False patent marking occurs when someone marks an unpatented article as patented, intending to deceive the public, and it results in "competitive injury." Though undefined in the false marking statute, competitive injury can be loosely defined as "actual monetary damages." Before September 2011, competitive injury was not required to bring a false marking suit. In fact, a plaintiff could sue any defendant for false marking on behalf of the United States (which is called suing "qui tam").
The Leahy-Smith America Invents Act amended the false marking statute by requiring competitive injury. It is not that difficult to show competitive injury, provided you have "standing."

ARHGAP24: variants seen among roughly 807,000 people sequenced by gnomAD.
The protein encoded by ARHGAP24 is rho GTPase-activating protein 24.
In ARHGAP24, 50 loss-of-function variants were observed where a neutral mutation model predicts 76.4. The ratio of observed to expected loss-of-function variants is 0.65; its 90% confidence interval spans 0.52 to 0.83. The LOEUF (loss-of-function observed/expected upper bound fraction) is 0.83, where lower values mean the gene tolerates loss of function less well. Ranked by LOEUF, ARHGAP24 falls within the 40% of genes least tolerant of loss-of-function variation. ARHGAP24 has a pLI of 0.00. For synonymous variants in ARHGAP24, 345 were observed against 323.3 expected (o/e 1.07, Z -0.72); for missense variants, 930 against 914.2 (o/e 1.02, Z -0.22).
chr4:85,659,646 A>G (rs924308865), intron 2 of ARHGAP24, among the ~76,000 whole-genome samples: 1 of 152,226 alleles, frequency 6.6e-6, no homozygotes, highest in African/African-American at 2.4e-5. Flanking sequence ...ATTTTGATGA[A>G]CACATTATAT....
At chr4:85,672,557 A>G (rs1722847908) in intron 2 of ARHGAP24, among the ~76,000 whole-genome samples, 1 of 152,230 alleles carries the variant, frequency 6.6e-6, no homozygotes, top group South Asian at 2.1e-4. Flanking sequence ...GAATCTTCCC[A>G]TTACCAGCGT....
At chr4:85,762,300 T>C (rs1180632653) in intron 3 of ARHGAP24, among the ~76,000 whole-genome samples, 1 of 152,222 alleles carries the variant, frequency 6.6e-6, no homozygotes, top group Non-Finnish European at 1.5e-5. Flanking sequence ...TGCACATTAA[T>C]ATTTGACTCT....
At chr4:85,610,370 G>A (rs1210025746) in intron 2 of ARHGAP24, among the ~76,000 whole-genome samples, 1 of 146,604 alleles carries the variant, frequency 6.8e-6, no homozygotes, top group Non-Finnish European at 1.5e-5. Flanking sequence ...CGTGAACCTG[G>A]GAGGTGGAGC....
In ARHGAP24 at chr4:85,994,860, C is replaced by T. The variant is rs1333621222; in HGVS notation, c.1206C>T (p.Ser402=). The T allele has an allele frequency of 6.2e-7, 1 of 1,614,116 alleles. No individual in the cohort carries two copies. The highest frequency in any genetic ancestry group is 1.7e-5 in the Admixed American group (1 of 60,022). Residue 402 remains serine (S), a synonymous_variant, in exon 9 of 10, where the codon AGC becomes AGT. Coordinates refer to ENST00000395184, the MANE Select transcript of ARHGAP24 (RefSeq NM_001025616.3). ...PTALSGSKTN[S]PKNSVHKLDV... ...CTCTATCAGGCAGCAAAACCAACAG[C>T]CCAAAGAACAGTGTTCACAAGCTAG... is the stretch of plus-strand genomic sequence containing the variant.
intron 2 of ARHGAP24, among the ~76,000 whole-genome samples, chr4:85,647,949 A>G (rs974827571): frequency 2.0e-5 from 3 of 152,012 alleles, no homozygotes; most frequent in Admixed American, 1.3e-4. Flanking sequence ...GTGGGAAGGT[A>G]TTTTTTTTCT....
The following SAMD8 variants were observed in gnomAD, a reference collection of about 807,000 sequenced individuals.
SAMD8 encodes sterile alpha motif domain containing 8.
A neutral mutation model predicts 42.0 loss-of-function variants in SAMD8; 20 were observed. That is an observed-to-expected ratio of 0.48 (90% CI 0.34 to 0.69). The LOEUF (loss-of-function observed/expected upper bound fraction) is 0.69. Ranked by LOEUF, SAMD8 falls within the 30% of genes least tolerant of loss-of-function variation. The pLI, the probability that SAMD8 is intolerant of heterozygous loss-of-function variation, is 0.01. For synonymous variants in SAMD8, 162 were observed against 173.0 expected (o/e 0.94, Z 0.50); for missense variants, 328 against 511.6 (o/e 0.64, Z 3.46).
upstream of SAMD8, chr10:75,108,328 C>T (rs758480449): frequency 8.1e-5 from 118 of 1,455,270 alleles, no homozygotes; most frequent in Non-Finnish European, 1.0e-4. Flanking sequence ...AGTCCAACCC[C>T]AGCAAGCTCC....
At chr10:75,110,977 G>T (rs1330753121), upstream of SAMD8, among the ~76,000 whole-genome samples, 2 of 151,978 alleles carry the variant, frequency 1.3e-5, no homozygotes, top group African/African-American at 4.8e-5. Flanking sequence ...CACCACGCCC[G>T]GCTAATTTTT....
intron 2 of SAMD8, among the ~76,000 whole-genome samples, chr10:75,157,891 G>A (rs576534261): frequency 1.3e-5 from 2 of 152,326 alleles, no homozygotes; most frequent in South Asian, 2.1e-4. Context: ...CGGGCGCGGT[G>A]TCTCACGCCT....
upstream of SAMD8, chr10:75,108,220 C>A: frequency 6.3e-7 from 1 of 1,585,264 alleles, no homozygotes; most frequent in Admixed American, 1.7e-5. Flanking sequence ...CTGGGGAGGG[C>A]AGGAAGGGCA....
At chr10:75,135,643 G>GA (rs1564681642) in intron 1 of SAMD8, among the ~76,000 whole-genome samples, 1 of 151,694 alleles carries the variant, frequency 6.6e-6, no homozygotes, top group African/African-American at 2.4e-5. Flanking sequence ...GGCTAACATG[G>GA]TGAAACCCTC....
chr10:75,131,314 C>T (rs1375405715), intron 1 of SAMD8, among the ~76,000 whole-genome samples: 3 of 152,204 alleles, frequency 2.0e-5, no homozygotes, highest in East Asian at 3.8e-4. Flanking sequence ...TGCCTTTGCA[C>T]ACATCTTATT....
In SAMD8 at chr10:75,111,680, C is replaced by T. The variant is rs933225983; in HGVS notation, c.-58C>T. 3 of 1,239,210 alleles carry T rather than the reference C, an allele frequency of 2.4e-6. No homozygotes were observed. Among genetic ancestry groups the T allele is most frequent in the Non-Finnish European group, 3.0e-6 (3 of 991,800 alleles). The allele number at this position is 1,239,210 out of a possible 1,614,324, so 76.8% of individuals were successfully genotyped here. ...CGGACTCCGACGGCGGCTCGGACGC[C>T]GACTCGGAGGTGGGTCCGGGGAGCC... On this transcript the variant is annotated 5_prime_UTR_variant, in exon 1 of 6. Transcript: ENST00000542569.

Showing an intent to deceive is more difficult. False marking alleges fraudulent conduct, and fraud requires "particularity" in the complaint. Accordingly, a false marking complaint must explain the "who," "what," "when," "where," and "why" of false marking conduct. This is incredibly difficult before discovery, and jurisdictional discovery may be required.
Basically, you have to explain your allegations in more detail than an ordinary case when suing for false marking or fraud. If you do not sufficiently explain yourself and the false marking conduct, your complaint could be dismissed.